Afghan police find bodies of 3 abducted foreign nationals in Kabul



An Afghan National Police officer checks a vehicle inside Kabul's Enhanced Security Zone July 23. Authorities established the zone after a May 31, 2017, truck bombing near the German embassy. [Jackie Faye/NATO]

KABUL -- Afghan police in Kabul Thursday (August 2) recovered the bodies of three foreign nationals who they said had been abducted and killed.

The victims, all working for French logistics company Sodexo in Kabul, were from India, Macedonia and Malaysia, said Bahar Mehr, a spokesman for the Interior Ministry.

"At this stage we think it is a terrorist incident," police spokesman Hashmat Stanikzai told AFP.

No group has so far claimed responsibility for the killings.

The group left their office by car with a driver on Thursday.

Just over an hour later authorities found their bodies in what appeared to be a different car in the rural outskirts of Kabul.

"They had been shot inside the car," Mehr said.

Another spokesman with the ministry said the car's driver was being questioned by police and treated as a possible suspect.

He added that all three victims had been handcuffed and shot, with two of the bodies later placed in the trunk of the car.

'Deeply saddened and shocked'

"We are deeply saddened and shocked to learn of the tragic loss of three of our team members in Kabul, Afghanistan today," Sodexo said in a statement.

"On behalf of the Sodexo community, I want to say that our hearts are with their families, friends and colleagues," said Chief Executive Denis Machuel.

"Sodexo is working closely with the authorities in Kabul and will share further information when available," he said. "We can confirm that the employees were of Malaysian, Indian and Macedonian nationalities. We are putting in place a psychological support line for our local employees."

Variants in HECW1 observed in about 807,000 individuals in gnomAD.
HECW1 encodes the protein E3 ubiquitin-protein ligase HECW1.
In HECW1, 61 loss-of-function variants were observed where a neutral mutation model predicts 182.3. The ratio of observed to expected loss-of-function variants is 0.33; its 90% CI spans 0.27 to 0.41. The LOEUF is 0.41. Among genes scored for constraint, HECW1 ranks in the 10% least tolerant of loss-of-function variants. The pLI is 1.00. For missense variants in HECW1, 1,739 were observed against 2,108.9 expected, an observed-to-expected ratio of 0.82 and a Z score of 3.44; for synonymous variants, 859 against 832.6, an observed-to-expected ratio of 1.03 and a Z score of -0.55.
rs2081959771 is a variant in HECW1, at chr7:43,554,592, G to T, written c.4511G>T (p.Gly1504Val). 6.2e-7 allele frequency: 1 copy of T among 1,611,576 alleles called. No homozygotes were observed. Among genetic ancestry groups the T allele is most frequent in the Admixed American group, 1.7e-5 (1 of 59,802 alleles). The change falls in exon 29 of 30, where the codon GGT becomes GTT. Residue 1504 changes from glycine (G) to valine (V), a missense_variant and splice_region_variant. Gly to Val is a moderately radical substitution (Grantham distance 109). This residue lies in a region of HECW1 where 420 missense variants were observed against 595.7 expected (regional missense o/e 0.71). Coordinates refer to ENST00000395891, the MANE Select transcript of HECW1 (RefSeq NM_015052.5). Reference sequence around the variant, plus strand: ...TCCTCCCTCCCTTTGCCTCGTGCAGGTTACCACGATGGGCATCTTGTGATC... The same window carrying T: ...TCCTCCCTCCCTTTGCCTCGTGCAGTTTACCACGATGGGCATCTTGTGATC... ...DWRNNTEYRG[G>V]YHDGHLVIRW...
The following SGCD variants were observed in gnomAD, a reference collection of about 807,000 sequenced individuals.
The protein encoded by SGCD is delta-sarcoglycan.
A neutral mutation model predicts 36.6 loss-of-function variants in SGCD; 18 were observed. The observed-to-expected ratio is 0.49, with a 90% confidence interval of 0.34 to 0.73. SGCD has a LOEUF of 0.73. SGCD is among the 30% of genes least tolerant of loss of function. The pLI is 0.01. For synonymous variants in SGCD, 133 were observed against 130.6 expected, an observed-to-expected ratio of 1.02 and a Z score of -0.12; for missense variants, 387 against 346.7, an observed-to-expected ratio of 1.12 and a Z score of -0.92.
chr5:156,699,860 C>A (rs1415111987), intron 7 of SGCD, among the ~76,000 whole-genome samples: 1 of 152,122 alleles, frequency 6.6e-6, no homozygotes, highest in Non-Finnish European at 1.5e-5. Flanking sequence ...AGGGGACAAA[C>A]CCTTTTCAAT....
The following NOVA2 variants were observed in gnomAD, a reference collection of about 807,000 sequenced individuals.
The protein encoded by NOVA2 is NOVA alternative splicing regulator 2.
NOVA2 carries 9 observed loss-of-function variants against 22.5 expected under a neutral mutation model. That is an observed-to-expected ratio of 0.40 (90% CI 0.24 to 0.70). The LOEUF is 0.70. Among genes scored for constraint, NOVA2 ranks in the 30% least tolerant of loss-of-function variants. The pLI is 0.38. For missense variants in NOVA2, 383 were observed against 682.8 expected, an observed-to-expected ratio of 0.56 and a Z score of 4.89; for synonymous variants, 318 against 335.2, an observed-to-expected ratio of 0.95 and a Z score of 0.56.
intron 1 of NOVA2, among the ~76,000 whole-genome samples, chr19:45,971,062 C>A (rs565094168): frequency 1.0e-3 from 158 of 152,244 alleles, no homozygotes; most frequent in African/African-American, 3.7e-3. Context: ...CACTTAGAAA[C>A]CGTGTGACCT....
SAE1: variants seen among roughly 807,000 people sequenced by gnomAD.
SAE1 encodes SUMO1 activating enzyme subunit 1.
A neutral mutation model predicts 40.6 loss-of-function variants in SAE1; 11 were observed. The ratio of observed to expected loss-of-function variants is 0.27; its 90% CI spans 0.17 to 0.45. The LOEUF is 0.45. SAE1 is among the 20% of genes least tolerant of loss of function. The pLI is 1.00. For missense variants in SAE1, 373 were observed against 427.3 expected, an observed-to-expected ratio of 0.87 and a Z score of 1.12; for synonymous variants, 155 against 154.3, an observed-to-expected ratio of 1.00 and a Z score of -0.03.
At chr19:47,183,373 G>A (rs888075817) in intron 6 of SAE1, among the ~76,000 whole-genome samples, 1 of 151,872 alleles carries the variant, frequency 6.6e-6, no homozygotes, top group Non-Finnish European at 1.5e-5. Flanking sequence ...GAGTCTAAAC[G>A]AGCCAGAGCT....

Earlier this year, six Indian engineers working in northern Afghanistan were abducted along with their driver.

In August 2016, gunmen wearing military uniforms kidnapped two professors of the American University of Afghanistan in the heart of Kabul.

The two, American Kevin King and Australian Timothy Weeks, appeared looking haggard in a hostage video, with the Taliban adding last October that King was in poor health.

Meanwhile, Afghan civilians have borne the brunt of the grinding conflict against the Taliban. Militant attacks and suicide bombs were the leading causes of civilian deaths in the first half of 2018, a recent UN report showed.

The total number of civilians killed was 1,692, the highest number for the period since the United Nations Assistance Mission in Afghanistan began keeping records in 2009.

Another 3,430 people were wounded, the report said.

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